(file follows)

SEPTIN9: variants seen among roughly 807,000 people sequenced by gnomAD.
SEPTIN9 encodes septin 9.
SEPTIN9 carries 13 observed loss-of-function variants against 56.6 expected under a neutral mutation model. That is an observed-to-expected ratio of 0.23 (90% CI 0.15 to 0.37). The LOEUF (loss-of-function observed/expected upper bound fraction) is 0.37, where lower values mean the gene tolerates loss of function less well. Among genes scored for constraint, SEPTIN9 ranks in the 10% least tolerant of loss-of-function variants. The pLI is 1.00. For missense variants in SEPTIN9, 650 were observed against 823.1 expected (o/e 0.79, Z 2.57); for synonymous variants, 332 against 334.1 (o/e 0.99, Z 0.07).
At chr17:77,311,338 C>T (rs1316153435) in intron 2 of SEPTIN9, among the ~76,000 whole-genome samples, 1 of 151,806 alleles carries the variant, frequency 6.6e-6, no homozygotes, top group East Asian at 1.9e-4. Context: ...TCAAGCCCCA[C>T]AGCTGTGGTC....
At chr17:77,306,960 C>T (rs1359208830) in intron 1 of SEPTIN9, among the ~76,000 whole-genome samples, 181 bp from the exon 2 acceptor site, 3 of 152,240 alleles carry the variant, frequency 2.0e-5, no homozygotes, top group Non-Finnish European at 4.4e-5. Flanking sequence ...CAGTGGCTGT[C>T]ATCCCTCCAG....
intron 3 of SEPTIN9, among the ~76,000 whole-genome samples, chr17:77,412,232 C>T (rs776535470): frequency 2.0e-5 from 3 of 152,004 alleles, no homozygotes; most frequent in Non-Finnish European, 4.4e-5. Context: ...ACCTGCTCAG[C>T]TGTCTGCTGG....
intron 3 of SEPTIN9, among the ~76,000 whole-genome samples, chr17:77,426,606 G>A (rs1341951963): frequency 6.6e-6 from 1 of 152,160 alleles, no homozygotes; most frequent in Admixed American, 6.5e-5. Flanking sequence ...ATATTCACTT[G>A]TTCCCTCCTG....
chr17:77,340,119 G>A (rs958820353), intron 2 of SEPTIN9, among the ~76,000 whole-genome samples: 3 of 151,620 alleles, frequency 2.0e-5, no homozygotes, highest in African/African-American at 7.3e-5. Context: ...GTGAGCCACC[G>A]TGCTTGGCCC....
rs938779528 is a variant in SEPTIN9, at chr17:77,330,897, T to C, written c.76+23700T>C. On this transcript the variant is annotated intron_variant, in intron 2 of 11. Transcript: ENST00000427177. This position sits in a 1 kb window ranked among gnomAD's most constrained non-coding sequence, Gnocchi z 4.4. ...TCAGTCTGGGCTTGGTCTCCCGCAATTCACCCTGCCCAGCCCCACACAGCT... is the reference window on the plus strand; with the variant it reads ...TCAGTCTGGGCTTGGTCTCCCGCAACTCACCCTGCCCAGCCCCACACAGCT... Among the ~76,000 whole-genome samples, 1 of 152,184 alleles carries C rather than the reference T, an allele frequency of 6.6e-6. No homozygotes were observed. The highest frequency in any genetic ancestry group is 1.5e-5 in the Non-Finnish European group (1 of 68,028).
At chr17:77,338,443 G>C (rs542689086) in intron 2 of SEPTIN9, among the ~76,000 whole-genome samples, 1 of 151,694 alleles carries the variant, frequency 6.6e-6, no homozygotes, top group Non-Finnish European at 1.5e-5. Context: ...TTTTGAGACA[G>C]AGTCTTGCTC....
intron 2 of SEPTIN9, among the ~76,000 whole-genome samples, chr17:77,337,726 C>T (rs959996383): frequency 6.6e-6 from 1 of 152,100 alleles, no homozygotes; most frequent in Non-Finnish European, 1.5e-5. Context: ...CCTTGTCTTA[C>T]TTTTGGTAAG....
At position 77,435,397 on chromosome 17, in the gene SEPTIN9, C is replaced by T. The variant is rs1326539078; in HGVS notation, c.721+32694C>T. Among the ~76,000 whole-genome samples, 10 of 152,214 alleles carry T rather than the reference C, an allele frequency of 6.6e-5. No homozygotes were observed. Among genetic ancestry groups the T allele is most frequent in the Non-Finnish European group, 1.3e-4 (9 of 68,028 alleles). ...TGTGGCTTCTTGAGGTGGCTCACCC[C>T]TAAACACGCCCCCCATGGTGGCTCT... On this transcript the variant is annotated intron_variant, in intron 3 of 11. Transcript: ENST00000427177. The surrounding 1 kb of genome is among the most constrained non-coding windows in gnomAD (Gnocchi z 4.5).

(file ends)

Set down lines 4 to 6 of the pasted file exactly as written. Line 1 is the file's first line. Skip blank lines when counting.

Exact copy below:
At chr17:77,311,338 C>T (rs1316153435) in intron 2 of SEPTIN9, among the ~76,000 whole-genome samples, 1 of 151,806 alleles carries the variant, frequency 6.6e-6, no homozygotes, top group East Asian at 1.9e-4. Context: ...TCAAGCCCCA[C>T]AGCTGTGGTC....
At chr17:77,306,960 C>T (rs1359208830) in intron 1 of SEPTIN9, among the ~76,000 whole-genome samples, 181 bp from the exon 2 acceptor site, 3 of 152,240 alleles carry the variant, frequency 2.0e-5, no homozygotes, top group Non-Finnish European at 4.4e-5. Flanking sequence ...CAGTGGCTGT[C>T]ATCCCTCCAG....
intron 3 of SEPTIN9, among the ~76,000 whole-genome samples, chr17:77,412,232 C>T (rs776535470): frequency 2.0e-5 from 3 of 152,004 alleles, no homozygotes; most frequent in Non-Finnish European, 4.4e-5. Context: ...ACCTGCTCAG[C>T]TGTCTGCTGG....